« FöregåendeFortsätt »
The path of prayer thyself hast trod :
AWAKE, Sweet harp of Judah, wake,
When God's right arm is bared for war,
'Tis he, the Lamb, to him we fly,
Thus while we dwell in this low scene,
While yet we sojourn here below,
Yet courage-days and years will glide,
Then pure, immortal, sinless, freed,
Shall meet the Father face to face,
H. K. WHITE.
ON A SKULL.
Look on its broken arch, its ruin'd wall,
THE OCEAN AN IMAGE OF ETERNITY.
ROLL on, thou deep and dark blue ocean-roll!
His steps are not upon thy paths,-thy fields
For earth's destruction thou dost all despise,
And send'st him, shivering in thy playful spray And howling, to his gods, where haply lies His petty hopes in some near fort or bay, And dashest him again to earth:-there let him lay. The armaments which thunder-strike the walls Of rock-built cities, bidding nations quake, And monarchs tremble in their capitals, The oak leviathans, whose huge ribs make Their clay creator the vain title take Of lord of thee, and arbiter of war;
These are thy toys, and, as the snowy flake, They melt into thy yeast of waves, which mar Alike the Armada's pride, or spoils of Trafalgar.
Thy shores are empires changed in all save theeAssyria, Greece, Rome, Carthage, what are they? Thy waters wasted them while they were free; And many a tyrant since; their shores obey The stranger, slave, or savage; their decay Has dried up realms to deserts:-not so thou, Unchangeable save to thy wild waves' playTime writes no wrinkle on thine azure browSuch as creation's dawn beheld, thou rollest now.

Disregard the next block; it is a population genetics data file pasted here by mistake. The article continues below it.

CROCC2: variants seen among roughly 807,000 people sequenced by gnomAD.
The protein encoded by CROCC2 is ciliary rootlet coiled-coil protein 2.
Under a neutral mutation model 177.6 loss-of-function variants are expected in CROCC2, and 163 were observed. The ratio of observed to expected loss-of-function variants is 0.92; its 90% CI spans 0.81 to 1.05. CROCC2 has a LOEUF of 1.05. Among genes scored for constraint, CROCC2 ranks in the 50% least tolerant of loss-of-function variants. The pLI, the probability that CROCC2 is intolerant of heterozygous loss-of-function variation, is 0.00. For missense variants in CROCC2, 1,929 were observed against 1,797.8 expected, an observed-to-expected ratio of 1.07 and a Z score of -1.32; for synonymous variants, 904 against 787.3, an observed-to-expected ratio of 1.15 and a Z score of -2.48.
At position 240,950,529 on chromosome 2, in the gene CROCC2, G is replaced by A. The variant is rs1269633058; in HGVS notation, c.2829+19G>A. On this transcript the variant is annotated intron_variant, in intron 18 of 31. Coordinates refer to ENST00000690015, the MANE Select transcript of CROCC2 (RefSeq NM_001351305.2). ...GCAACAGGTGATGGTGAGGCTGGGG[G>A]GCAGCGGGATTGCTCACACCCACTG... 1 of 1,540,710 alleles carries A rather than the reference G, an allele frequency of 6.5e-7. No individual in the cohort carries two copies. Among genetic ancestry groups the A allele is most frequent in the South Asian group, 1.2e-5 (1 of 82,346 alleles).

Thou glorious mirror, where the Almighty's form Glasses itself in tempests; in all time,
Calm or convulsed-in breeze, or gale, or storm, Icing the pole, or in the torrid clime
Dark-heaving ;-boundless, endless, and sublime
The image of Eternity-the throne
Of the Invisible; even from out thy slime
The monsters of the deep are made; each zone Obeys thee; thou goest forth, dread, fathomless,
TRUST IN THE SAVIOUR.
Nor seldom, clad in radiant vest,
The smoothest seas will sometimes prove,
And if she trust the stars above,
The umbrageous Oak, in pomp outspread,
But Thou art true, incarnate Lord!
I bent before thy gracious throne,
FROM THE CURSE OF KEHAMAH.
THEY sin who tell us Love can die.
In heaven ambition cannot dwell,
Its holy flame for ever burneth,
From heaven it came, to heaven returneth
And hath in heaven its perfect rest;
TO THE MEMORY OF HENRY KIRKE WHITE
BRIGHT be the place of thy soul,
On earth thou wert all but divine,
As thy soul shall immortally be;
And our sorrow may cease to repine
When we know that thy God is with the
Light be the turf of thy tomb!
May its verdure like emeralds be,
For why should we mourn for the blest?